Another form of this exercise asks you to look at a familiar place or person as if it were the very first time. Mindfully note ever detail you see so that your consciousness, attention span, and ability to focus on one element strengthens. Paired with journaling, this can be an intense and powerful exercise.

Silent Sittings Before and After Work
Gurleen Grenwal, professor of women’s studies and teacher of mindfulness in the University of South Florida describes this practice well. She states:

In each class we have silent sittings, quieting the mind via the breath, with basic instructions to observe the flow of thoughts/reactions from a nonjudgmental space – a practice crucial in developing acceptance, tolerance, and compassion for oneself and others.  I like to begin class with five to ten minutes of mindfulness that very gradually increases as the semester proceeds (Barbezat & Bush, 2014).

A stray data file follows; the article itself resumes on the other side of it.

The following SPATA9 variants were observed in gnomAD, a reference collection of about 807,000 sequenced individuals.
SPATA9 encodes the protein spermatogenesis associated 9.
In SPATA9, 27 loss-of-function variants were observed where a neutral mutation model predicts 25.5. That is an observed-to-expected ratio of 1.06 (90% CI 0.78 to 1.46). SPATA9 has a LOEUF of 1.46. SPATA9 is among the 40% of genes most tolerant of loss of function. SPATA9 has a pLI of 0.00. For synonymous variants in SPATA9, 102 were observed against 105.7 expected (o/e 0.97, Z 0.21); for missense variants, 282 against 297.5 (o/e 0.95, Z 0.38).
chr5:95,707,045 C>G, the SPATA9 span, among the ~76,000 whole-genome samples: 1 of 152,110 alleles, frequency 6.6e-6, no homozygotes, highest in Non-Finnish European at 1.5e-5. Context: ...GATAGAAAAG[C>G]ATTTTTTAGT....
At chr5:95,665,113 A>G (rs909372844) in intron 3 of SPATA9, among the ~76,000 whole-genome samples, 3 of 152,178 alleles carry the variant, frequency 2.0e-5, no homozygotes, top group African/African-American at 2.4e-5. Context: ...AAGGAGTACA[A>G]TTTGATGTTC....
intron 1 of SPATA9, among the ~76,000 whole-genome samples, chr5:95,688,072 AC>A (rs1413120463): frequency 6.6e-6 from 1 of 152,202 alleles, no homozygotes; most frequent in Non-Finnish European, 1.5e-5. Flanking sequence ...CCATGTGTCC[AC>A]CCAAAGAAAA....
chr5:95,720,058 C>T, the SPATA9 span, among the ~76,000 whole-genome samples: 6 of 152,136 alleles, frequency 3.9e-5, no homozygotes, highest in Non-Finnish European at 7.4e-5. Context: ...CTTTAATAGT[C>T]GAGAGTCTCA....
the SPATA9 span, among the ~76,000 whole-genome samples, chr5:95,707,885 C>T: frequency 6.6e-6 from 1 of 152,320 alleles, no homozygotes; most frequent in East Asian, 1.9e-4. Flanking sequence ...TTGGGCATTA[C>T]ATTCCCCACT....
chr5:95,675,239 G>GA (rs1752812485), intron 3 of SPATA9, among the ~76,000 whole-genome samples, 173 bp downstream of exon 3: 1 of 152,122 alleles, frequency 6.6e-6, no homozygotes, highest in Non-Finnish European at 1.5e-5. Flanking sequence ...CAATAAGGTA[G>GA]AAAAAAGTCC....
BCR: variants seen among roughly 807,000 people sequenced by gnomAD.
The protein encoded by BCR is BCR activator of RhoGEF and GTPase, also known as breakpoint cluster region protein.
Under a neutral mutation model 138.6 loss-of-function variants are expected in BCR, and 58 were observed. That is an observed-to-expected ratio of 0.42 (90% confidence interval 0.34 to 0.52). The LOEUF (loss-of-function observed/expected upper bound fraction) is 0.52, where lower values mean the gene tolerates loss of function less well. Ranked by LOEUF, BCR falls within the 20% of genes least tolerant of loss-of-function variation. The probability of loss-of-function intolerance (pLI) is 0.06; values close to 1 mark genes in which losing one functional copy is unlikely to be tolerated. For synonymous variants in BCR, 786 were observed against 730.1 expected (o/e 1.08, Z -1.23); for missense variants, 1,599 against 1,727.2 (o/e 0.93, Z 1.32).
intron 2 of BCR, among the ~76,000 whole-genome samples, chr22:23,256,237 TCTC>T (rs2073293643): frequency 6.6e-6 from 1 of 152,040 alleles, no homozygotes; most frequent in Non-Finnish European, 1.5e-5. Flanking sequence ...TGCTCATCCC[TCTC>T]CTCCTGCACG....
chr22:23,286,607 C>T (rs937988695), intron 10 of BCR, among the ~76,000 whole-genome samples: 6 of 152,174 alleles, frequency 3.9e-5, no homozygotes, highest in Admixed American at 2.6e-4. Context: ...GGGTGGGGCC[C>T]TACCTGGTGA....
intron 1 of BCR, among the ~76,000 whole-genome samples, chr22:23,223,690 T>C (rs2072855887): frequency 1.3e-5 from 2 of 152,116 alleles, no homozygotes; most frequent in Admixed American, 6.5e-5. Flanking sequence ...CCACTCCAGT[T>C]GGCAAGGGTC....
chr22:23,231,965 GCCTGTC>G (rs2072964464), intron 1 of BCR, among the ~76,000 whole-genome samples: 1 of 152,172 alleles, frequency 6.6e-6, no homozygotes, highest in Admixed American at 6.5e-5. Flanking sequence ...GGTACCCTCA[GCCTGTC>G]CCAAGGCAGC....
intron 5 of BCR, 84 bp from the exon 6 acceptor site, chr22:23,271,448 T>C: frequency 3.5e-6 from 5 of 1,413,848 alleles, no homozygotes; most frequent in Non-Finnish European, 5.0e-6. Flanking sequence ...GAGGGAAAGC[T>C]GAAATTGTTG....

To perform this meditation, simply sit in your chair with your spine erect and your body relaxed. Close your eyes. Using a gong or similar sound – which can easily be found through various phone apps – follow the ebbing of the sound as it dies out into a prolonged silence. As you rest in that silence, thoughts may enter your mind. Simply observe them, along with any bodily sensations that occur. If your mind returns to distracting thoughts, deliberately and mindfully focus on your breath and let go of the thoughts, as if they were clouds floating by on a sunny day. Your slow, deep breathing is your anchor during the period of silent rest. The meditation ends when your breathing and heart rate are decreased, and your body feels fully relaxed. Once you reach that state, open your eyes slowly, and take one final deep inhale and exhale.